1.2 The Middle Ages: Feudal Hierarchy

Kings typically owned the most land. Yet, very few kings were actually wealthy enough to maintain a large army of their own. Kings generally relied on the upper nobility (barons) to provide the knights, soldiers, and taxes to pay for armies to fight wars. Barons were powerful land holding lords who rivalled the power of kings. Some barons in Germany and France actually ruled their fiefs entirely independent of a king.

Although feudalism brought some stability to Europe, the feudal system broke down easily. If a vassal failed to raise taxes, his liege lord could not field an army to defend the kingdom; and a defenceless king is a dead king. With the death of the king, two or more rival barons would compete for control of the kingdom. This would result in war; and war meant the death of people which hurt the kingdom's economy. Thus, feudalism depended upon kings and vassals alike meeting their feudal obligations.

Wars were common during the Middle Ages. This is because feudalism was at heart a competitive system. Feudalism was not based upon peace; it was founded upon land and power; and those below often fought with those above for influence and land.

williamUpper & Lower Lords
Men known as dukes were the most powerful and wealthiest nobles. They received their fiefs directly from the king. When Duke William of Normandy (pictured at left) invaded and conquered England in 1066 AD, he commanded about 120 barons. Each baron provided the king with a possible army of 5,000 men.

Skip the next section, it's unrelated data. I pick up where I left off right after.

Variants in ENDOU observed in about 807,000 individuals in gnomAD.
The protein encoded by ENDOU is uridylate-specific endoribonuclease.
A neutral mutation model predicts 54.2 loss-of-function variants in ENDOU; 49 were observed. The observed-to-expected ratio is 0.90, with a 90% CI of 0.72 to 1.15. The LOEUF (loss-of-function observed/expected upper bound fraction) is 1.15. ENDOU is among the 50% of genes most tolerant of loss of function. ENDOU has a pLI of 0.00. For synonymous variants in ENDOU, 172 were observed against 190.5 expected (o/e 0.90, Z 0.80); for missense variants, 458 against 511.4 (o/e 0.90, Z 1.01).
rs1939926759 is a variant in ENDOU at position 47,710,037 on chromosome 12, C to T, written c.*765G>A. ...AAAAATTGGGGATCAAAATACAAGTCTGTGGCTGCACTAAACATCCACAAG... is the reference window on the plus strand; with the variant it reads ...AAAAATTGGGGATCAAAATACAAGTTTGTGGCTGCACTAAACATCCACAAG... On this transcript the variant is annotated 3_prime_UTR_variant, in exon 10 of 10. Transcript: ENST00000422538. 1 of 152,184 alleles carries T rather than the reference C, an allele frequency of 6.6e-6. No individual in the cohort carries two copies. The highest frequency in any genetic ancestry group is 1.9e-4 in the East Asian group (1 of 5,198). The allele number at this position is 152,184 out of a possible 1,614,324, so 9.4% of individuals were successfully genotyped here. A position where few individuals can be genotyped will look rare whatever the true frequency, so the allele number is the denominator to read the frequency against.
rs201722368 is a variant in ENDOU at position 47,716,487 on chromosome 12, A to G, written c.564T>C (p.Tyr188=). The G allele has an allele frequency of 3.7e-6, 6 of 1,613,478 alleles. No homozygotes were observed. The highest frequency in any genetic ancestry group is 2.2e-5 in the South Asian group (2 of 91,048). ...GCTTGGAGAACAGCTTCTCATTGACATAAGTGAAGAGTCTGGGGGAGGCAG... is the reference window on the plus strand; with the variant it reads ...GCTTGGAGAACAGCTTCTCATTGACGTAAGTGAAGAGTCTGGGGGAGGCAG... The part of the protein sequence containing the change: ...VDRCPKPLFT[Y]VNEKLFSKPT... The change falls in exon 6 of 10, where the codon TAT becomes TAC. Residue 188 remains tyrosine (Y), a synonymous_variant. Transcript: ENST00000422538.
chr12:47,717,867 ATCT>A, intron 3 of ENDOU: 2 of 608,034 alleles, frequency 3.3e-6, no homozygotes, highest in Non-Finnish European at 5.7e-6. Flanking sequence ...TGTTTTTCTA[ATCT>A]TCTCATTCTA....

of the Catholic Church, just like dukes and barons, were some of the more powerful nobles. Bishops ruled over large areas called dioceses. Although bishops were in theory religious leaders, they were in fact business administrators. For example, they did not concern themselves with spiritual matters like faith or theology. Instead, their main focus was maintaining the Church’s authority in the diocese and collecting the “tithe” (a mandatory Church tax).

Not just anyone could become a bishop. You needed to have political connections. Therefore, ordinary priests were never promoted to bishop. Instead barons, dukes, counts, etc. actually purchased the position of bishop from the Church and then gave it to their sons to administer. Bishoprics, just like with fiefs, provided a steady income for the ruling families of Europe.

Lower lords known as viscounts administered smaller fiefs called manors. As lower lords, viscounts rented out most of their land to peasant farmers who were called serfs or villeins. In return for protection from the fief's lord, serfs raised crops and animals giving a portion of these to the lord as a form of rent payment. Serfs were at the bottom of the feudal ladder. In times of war, serfs were drafted as infantry into the lord's army. Lords of all ranks formed the basis of a warrior class for medieval society. As trained knights, they were bound by oath to serve in the army of the most senior lord that granted them their fief; it should be noted that some knights did not own a fief. Landless knights made a living by being professional fighters.